The United States recently sent two aircraft carrier strike groups into the South China Sea in a show of military strength. The move of multiple American warships is in reaction to China holding military exercises in international waters that are contested by Vietnam and the Philippines. The stand-off raises global tensions at a time when each superpower has developed advanced technological capabilities in terms of artificial intelligence, remote imaging, and autonomous weapons systems. It is important officials in each nation understand how emerging technologies speed up decision-making but through crisis acceleration run the risk of dangerous miscalculation. ... With the advent of AI and other emerging technologies, though, these time-honored definitions are likely to change. At a fundamental level, battle, war, and conflict are time-competitive processes. From time immemorial, humans have sought to be faster in the ultimate competition of combat, in an absolute as well as in a relative sense. And in that regard, AI will dramatically change the speed of war. It will not only enhance the human role in conflict, but will also leverage technology as never before. For not only is technology changing, the rate of that alteration is accelerating. This is the central issue before us for armed conflict, and the side that can create, master, and leverage an equilibrium between the nature of war and the character of war, especially within the new environment of AI, data analytics, and supercomputing, will inevitably prevail in conflict. In a geopolitical environment increasingly defined by new and emerging technologies, national defense stands as one of the most consequential areas of development for the 21st century. It is important to assess the revolutionary impacts of artificial intelligence and other emerging technologies on nearly every facet of national security and armed conflict, including the accelerated pace of warfare and the critical role of continued human control. Ultimately, there are significant opportunities to deploy AI-based tools, as well as major rising threats that need to be considered and addressed. A variety of technologies can improve decision-making, speed, and scalability — some to a dizzying degree.

All data is taken from the source:

US Defense Advanced Research Projects Agency (DARPA)

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DARPA continues to lead innovation in AI research as it funds a broad portfolio of R&D programs, ranging from basic research to advanced technology development. DARPA believes this future, where systems are capable of acquiring new knowledge through generative contextual and explanatory models, will be realized upon the development and application of “Third Wave” AI technologies. DARPA announced in September 2018 a multi-year investment of more than $2 billion in new and existing programs called the “AI Next” campaign. Key areas of the campaign include automating critical DoD business processes, such as security clearance vetting or accrediting software systems for operational deployment; improving the robustness and reliability of AI systems; enhancing the security and resiliency of machine learning and AI technologies; reducing power, data, and performance inefficiencies; and pioneering the next generation of AI algorithms and applications, such as “explainability” and common sense reasoning. AI Next Campaign | DARPA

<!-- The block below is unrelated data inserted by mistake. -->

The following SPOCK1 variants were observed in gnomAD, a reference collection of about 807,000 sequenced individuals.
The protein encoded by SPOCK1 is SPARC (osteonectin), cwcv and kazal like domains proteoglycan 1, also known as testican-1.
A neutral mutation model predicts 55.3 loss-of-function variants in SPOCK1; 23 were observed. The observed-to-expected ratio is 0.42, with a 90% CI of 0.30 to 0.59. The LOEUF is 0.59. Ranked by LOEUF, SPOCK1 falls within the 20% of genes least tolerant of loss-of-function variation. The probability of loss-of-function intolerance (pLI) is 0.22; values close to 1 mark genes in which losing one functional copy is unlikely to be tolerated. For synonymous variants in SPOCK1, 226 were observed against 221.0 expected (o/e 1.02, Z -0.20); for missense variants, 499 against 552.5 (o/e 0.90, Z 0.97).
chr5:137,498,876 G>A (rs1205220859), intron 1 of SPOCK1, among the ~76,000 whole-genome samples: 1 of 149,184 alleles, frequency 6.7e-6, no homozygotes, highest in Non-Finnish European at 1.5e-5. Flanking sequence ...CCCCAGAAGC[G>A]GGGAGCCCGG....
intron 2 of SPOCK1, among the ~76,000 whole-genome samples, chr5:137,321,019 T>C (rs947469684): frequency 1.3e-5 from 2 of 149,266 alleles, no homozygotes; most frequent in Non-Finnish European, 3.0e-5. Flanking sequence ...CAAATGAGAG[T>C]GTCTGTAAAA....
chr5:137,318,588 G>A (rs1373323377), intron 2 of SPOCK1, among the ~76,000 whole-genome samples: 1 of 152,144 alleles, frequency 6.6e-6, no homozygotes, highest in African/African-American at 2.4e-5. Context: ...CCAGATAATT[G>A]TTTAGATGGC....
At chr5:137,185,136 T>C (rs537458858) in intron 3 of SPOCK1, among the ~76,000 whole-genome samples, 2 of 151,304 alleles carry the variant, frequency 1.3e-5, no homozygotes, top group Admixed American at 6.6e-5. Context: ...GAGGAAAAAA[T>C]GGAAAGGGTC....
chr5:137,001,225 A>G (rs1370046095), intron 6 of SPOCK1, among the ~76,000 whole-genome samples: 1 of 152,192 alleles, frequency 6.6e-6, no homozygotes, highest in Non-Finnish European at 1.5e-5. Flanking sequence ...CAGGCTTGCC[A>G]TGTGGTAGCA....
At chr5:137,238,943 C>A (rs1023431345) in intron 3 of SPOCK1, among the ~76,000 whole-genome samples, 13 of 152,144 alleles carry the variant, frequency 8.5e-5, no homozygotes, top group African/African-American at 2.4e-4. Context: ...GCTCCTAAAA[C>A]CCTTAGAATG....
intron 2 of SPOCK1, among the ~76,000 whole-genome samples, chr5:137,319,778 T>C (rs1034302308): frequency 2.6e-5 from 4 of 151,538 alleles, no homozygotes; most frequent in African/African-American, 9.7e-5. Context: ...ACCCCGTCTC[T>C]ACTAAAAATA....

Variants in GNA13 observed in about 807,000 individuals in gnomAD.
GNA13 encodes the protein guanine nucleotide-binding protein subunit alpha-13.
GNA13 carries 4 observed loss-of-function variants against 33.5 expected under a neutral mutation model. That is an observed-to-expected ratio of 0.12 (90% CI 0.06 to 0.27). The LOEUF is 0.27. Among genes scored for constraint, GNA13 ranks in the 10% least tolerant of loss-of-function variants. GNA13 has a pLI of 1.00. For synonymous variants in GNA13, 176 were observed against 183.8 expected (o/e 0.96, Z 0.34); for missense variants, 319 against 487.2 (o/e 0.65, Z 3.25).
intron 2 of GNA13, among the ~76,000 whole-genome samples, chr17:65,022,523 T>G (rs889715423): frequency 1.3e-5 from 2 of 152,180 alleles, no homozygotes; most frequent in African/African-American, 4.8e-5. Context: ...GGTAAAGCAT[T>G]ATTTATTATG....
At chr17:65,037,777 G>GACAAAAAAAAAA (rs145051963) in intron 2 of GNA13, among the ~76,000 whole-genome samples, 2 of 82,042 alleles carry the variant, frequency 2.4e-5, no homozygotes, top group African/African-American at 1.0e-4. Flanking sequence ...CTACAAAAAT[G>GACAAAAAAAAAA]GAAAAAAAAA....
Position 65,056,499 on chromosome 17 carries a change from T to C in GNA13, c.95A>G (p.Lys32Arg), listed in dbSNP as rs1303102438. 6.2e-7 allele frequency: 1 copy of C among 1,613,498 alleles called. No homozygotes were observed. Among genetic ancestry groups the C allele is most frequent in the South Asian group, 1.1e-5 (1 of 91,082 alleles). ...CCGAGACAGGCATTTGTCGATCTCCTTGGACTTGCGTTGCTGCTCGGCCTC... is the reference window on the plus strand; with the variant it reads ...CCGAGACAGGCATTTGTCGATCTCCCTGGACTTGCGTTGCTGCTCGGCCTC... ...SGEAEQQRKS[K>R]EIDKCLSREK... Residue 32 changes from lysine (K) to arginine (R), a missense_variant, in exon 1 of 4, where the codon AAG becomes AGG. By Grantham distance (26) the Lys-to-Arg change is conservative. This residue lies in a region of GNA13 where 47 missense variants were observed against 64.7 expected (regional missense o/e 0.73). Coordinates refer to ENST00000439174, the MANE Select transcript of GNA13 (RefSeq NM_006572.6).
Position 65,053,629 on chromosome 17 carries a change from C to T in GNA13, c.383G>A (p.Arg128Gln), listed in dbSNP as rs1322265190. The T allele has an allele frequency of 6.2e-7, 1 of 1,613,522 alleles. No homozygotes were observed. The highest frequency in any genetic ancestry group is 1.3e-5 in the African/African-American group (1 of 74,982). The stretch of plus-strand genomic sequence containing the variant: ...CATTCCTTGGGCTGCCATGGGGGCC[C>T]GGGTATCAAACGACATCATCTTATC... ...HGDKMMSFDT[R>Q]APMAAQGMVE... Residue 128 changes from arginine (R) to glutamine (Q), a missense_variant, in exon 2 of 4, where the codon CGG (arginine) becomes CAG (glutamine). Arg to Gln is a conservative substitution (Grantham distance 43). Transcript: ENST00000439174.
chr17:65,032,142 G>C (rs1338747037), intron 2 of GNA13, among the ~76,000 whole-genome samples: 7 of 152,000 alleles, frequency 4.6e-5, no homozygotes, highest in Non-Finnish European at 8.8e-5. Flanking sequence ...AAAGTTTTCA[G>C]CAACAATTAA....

DARPA OFFSET Program Calls for Second Swarm Sprints
The focus of this swarm sprint is on enabling improved swarm autonomy through enhancements of swarm platforms and/or autonomy elements, with the operational backdrop of utilizing a diverse swarm of 50 air and ground robots to isolate an urban objective within an area of two square city blocks over a mission duration of 15 to 30 minutes. Swarm Sprinters will leverage existing or develop new hardware components, swarm algorithms, and/or swarm primitives to enable novel capabilities that specifically showcase the advantages of a swarm when leveraging and operating in complex urban environments.

A DARPA Perspective on Artificial Intelligence
What's the ground truth on artificial intelligence (AI)? In this video, John Launchbury, the Director of DARPA's Information Innovation Office (I2O), attempts to demystify AI--what it can do, what it can't do, and where it is headed. Through a discussion of the "three waves of AI" and the capabilities required for AI to reach its full potential, John provides analytical context to help understand the roles AI already has played, does play now, and could play in the future.

AI and Security